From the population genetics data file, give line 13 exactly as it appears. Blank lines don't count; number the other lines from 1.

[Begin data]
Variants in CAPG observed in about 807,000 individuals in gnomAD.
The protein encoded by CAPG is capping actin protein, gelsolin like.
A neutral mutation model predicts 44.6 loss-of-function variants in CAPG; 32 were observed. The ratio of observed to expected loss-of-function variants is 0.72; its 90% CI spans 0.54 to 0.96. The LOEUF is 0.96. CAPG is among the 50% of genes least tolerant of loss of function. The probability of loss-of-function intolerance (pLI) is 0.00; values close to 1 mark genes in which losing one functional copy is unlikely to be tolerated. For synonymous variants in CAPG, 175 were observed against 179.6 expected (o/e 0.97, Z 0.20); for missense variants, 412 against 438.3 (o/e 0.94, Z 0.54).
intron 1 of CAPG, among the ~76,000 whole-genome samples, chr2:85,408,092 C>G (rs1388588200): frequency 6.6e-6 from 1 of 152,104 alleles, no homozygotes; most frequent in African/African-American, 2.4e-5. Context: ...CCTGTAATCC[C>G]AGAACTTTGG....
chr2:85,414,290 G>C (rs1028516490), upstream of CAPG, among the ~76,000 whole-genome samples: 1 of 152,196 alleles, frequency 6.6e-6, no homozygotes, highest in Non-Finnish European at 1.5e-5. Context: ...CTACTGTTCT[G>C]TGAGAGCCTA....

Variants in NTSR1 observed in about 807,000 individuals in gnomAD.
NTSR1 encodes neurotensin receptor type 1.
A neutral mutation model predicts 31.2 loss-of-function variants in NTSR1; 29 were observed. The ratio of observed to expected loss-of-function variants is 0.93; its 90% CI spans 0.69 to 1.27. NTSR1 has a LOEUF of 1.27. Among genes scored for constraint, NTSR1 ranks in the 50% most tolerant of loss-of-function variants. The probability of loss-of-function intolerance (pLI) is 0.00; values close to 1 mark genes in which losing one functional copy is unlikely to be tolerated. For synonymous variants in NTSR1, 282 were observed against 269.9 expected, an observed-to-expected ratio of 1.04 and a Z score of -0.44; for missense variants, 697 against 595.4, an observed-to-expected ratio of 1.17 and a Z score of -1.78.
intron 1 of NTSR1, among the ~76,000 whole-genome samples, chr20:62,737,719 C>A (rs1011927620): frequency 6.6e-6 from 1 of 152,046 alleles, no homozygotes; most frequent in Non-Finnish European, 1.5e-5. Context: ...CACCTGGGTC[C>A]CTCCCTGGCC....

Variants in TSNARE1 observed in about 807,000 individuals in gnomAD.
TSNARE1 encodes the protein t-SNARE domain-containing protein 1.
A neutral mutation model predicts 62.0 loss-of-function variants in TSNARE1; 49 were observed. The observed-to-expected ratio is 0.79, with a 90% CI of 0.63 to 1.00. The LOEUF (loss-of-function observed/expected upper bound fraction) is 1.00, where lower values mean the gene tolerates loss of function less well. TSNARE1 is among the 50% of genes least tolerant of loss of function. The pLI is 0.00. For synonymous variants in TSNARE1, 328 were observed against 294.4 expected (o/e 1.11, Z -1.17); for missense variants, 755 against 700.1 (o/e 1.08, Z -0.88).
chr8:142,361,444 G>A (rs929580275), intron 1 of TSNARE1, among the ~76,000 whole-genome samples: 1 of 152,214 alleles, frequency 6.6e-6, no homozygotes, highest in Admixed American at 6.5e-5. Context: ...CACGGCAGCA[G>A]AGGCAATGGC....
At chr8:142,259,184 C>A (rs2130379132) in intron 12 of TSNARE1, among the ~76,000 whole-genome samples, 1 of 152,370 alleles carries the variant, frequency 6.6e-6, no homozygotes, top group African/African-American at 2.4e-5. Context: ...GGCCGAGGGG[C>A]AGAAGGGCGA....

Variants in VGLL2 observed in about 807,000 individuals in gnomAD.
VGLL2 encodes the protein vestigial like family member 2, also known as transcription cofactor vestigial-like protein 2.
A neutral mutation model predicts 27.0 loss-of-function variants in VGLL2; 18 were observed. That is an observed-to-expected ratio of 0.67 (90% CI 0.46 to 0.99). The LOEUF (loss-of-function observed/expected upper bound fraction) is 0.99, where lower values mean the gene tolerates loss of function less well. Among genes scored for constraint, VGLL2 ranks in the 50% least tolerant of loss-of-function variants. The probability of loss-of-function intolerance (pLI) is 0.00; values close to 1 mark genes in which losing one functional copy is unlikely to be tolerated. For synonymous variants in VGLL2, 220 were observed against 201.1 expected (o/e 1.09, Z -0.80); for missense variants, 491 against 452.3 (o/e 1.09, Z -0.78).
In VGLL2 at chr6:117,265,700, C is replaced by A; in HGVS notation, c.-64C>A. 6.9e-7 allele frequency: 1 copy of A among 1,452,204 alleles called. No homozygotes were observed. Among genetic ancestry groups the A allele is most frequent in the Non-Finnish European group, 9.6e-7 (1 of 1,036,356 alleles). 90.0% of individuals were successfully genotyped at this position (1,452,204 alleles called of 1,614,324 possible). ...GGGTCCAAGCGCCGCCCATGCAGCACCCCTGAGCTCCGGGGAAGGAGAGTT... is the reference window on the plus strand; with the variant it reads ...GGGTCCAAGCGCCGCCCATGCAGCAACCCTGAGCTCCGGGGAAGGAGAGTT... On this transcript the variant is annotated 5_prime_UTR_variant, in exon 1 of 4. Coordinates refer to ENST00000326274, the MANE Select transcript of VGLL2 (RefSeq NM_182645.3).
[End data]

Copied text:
chr8:142,361,444 G>A (rs929580275), intron 1 of TSNARE1, among the ~76,000 whole-genome samples: 1 of 152,214 alleles, frequency 6.6e-6, no homozygotes, highest in Admixed American at 6.5e-5. Context: ...CACGGCAGCA[G>A]AGGCAATGGC....